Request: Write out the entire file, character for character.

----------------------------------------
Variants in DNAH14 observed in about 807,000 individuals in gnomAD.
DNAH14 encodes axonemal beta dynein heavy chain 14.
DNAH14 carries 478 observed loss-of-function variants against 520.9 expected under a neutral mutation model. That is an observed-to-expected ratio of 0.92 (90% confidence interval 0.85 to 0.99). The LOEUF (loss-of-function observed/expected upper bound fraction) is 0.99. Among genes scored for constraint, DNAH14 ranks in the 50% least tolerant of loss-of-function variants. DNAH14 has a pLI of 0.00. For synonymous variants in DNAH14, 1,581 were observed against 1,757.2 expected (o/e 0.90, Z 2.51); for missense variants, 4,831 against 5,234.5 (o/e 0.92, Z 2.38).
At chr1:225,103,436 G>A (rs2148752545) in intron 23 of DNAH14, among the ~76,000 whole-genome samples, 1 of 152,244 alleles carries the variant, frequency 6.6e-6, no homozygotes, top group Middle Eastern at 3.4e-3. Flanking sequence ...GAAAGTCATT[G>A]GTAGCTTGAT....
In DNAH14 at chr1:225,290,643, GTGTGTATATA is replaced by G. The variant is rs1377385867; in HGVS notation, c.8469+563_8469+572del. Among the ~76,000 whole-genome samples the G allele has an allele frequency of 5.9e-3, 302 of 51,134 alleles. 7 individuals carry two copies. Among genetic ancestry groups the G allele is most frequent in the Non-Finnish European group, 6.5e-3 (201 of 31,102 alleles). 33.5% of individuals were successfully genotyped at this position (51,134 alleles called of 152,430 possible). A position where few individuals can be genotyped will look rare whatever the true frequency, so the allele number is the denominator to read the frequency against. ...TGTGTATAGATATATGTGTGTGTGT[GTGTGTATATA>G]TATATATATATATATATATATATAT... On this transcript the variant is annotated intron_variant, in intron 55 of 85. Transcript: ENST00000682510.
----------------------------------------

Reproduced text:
Variants in DNAH14 observed in about 807,000 individuals in gnomAD.
DNAH14 encodes axonemal beta dynein heavy chain 14.
DNAH14 carries 478 observed loss-of-function variants against 520.9 expected under a neutral mutation model. That is an observed-to-expected ratio of 0.92 (90% confidence interval 0.85 to 0.99). The LOEUF (loss-of-function observed/expected upper bound fraction) is 0.99. Among genes scored for constraint, DNAH14 ranks in the 50% least tolerant of loss-of-function variants. DNAH14 has a pLI of 0.00. For synonymous variants in DNAH14, 1,581 were observed against 1,757.2 expected (o/e 0.90, Z 2.51); for missense variants, 4,831 against 5,234.5 (o/e 0.92, Z 2.38).
At chr1:225,103,436 G>A (rs2148752545) in intron 23 of DNAH14, among the ~76,000 whole-genome samples, 1 of 152,244 alleles carries the variant, frequency 6.6e-6, no homozygotes, top group Middle Eastern at 3.4e-3. Flanking sequence ...GAAAGTCATT[G>A]GTAGCTTGAT....
In DNAH14 at chr1:225,290,643, GTGTGTATATA is replaced by G. The variant is rs1377385867; in HGVS notation, c.8469+563_8469+572del. Among the ~76,000 whole-genome samples the G allele has an allele frequency of 5.9e-3, 302 of 51,134 alleles. 7 individuals carry two copies. Among genetic ancestry groups the G allele is most frequent in the Non-Finnish European group, 6.5e-3 (201 of 31,102 alleles). 33.5% of individuals were successfully genotyped at this position (51,134 alleles called of 152,430 possible). A position where few individuals can be genotyped will look rare whatever the true frequency, so the allele number is the denominator to read the frequency against. ...TGTGTATAGATATATGTGTGTGTGT[GTGTGTATATA>G]TATATATATATATATATATATATAT... On this transcript the variant is annotated intron_variant, in intron 55 of 85. Transcript: ENST00000682510.